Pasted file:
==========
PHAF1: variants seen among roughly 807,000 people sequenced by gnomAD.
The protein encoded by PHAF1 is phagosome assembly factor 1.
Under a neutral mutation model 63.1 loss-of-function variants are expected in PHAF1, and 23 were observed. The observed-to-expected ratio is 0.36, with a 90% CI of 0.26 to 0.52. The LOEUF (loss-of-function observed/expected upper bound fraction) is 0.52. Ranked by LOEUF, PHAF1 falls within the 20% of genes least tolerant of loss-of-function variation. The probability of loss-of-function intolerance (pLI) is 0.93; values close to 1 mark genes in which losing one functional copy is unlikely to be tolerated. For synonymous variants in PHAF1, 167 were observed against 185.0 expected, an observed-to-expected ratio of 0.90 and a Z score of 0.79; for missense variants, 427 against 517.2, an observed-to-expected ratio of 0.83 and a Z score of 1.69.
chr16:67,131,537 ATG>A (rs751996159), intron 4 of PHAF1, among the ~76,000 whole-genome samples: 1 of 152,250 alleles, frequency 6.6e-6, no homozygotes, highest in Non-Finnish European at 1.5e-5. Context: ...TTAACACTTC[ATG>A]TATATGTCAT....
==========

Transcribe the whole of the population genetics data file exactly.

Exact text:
PHAF1: variants seen among roughly 807,000 people sequenced by gnomAD.
The protein encoded by PHAF1 is phagosome assembly factor 1.
Under a neutral mutation model 63.1 loss-of-function variants are expected in PHAF1, and 23 were observed. The observed-to-expected ratio is 0.36, with a 90% CI of 0.26 to 0.52. The LOEUF (loss-of-function observed/expected upper bound fraction) is 0.52. Ranked by LOEUF, PHAF1 falls within the 20% of genes least tolerant of loss-of-function variation. The probability of loss-of-function intolerance (pLI) is 0.93; values close to 1 mark genes in which losing one functional copy is unlikely to be tolerated. For synonymous variants in PHAF1, 167 were observed against 185.0 expected, an observed-to-expected ratio of 0.90 and a Z score of 0.79; for missense variants, 427 against 517.2, an observed-to-expected ratio of 0.83 and a Z score of 1.69.
chr16:67,131,537 ATG>A (rs751996159), intron 4 of PHAF1, among the ~76,000 whole-genome samples: 1 of 152,250 alleles, frequency 6.6e-6, no homozygotes, highest in Non-Finnish European at 1.5e-5. Context: ...TTAACACTTC[ATG>A]TATATGTCAT....